A semi-schematic diagram combines a number of the abstraction of a purely schematic diagram along with different elements displayed as realistically as possible, for a variety of factors.
In electric power systems design, a schematic drawing referred to as a one-line diagram is frequently utilized to represent substations, distribution methods or even entire electric power grids. All these diagrams compress and simplify the exact details which would be replicated on each individual phase of a three-phase method, demonstrating only 1 component rather than three. Electrical diagrams for switchgear often have common apparatus functions designate by standard function amounts.
In electrical and electronic sector, a design diagram is frequently used to describe the design of equipment.  Initial schematics were done manually, using standardized templates or pre-printed adhesive symbols, however now electronic design automation applications (EDA or"electric CAD") is often used.
Schematic diagrams are used widely in repair guides to help users understand the interconnections of components, and also to give graphical training to assist in rebuilding and simplifying mechanical assemblies. Lots of motorcycle and automotive repair manuals devote a significant number of webpages to schematic diagrams.
A schematic, or schematic diagram, is a representation of these elements of a system using abstract, picture symbols instead of realistic images. A schematic generally communicates all details that are not pertinent to the information the schematic is meant to communicate, and might add unrealistic elements that aid comprehension. By way of instance, a subway map intended for passengers may signify a subway station using a scatter; the scatter does not resemble the true station whatsoever but gives the viewer information without unnecessary visual clutter. A schematic diagram of the chemical procedure utilizes symbols to represent the vessels, piping, valves, pumps, and other elements of the system, emphasizing their interconnection controlling and paths physical specifics. In an electronic circuit diagram, the design of the symbols may not resemble the layout from the circuit. In the schematic diagram, the emblematic elements are organized to be more easily interpreted by the viewer.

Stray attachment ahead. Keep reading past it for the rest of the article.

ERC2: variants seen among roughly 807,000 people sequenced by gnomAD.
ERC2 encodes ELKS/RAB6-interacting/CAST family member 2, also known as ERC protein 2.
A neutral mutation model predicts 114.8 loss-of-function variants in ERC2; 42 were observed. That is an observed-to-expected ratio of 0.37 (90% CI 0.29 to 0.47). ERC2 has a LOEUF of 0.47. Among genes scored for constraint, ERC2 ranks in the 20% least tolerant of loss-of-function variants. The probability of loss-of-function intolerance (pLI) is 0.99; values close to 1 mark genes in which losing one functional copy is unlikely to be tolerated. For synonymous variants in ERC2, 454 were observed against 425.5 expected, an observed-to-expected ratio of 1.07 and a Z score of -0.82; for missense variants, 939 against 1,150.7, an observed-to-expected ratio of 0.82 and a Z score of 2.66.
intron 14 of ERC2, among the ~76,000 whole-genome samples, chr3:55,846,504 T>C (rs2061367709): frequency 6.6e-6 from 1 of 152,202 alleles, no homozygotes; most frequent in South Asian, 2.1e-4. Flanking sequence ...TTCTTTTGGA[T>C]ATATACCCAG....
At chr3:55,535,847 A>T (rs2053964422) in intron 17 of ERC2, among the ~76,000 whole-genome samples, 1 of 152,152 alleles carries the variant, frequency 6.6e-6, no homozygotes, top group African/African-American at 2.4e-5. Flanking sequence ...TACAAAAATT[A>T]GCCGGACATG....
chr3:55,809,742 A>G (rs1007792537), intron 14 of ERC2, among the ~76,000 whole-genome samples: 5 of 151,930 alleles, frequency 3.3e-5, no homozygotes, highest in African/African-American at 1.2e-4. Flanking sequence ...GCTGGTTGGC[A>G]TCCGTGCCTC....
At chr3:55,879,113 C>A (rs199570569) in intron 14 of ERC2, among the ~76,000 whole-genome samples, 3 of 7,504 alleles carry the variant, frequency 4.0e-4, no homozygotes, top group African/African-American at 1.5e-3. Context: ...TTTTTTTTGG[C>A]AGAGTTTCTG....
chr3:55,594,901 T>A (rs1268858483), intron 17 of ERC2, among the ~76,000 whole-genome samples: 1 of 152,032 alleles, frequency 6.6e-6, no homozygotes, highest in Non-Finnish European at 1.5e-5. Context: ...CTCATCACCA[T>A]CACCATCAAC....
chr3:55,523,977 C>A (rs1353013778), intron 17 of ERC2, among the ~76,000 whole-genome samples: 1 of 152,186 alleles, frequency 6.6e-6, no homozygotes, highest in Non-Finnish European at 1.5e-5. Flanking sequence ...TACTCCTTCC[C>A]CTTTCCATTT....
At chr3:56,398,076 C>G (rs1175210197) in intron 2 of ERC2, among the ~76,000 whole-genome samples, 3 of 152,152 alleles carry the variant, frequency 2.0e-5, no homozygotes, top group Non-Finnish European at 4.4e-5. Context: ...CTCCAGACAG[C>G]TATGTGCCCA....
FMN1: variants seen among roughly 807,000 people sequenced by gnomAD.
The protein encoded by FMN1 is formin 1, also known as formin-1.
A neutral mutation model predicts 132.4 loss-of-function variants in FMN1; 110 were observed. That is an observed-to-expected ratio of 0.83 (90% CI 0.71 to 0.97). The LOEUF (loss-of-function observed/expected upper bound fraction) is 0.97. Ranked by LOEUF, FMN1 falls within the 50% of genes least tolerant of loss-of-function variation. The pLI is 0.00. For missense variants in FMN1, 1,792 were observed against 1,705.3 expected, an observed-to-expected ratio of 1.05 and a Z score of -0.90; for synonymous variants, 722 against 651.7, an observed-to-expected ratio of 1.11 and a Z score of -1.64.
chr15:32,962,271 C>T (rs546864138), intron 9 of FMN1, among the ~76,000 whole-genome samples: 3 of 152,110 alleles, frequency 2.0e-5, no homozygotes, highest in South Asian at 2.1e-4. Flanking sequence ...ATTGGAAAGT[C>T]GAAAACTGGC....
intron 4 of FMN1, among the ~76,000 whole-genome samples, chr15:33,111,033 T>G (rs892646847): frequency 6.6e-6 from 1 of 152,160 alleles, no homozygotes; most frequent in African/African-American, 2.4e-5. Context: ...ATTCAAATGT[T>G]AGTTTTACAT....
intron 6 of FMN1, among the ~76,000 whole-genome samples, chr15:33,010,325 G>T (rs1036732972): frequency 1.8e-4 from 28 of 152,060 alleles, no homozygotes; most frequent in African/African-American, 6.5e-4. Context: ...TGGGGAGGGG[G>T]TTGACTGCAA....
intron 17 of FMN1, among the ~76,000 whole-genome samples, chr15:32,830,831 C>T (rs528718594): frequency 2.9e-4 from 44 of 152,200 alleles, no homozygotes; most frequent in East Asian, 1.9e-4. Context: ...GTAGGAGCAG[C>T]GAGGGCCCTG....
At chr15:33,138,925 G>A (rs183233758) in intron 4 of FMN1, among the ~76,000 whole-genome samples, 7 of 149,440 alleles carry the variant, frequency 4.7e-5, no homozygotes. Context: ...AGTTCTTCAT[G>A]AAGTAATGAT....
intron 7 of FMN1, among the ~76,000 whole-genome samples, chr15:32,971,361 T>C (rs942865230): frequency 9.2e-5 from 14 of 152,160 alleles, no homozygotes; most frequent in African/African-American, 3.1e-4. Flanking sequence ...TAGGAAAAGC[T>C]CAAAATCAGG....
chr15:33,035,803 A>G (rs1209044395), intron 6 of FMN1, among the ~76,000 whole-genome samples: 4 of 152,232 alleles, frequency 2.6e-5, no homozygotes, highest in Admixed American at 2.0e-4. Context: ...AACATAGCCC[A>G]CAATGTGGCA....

In electronic design automation, even before the 1980s schematics were practically the sole proper representation for circuits. More recently, together with the advancement of computer technology, other representations were introduced and specialized computer languages were developed, because with all the explosive increase of the complexity of digital circuits, conventional schematics have become less functional. For example, hardware description languages are crucial for modern electronic circuit design.
Schematics for digital circuits are prepared by designers utilizing EDA (electronic design automation) tools called schematic capture applications or schematic entry tools. These tools go beyond simple drawing of connections and devices. Usually they are incorporated into the whole IC design flow and linked to additional EDA tools for verification and simulation of this circuit under design.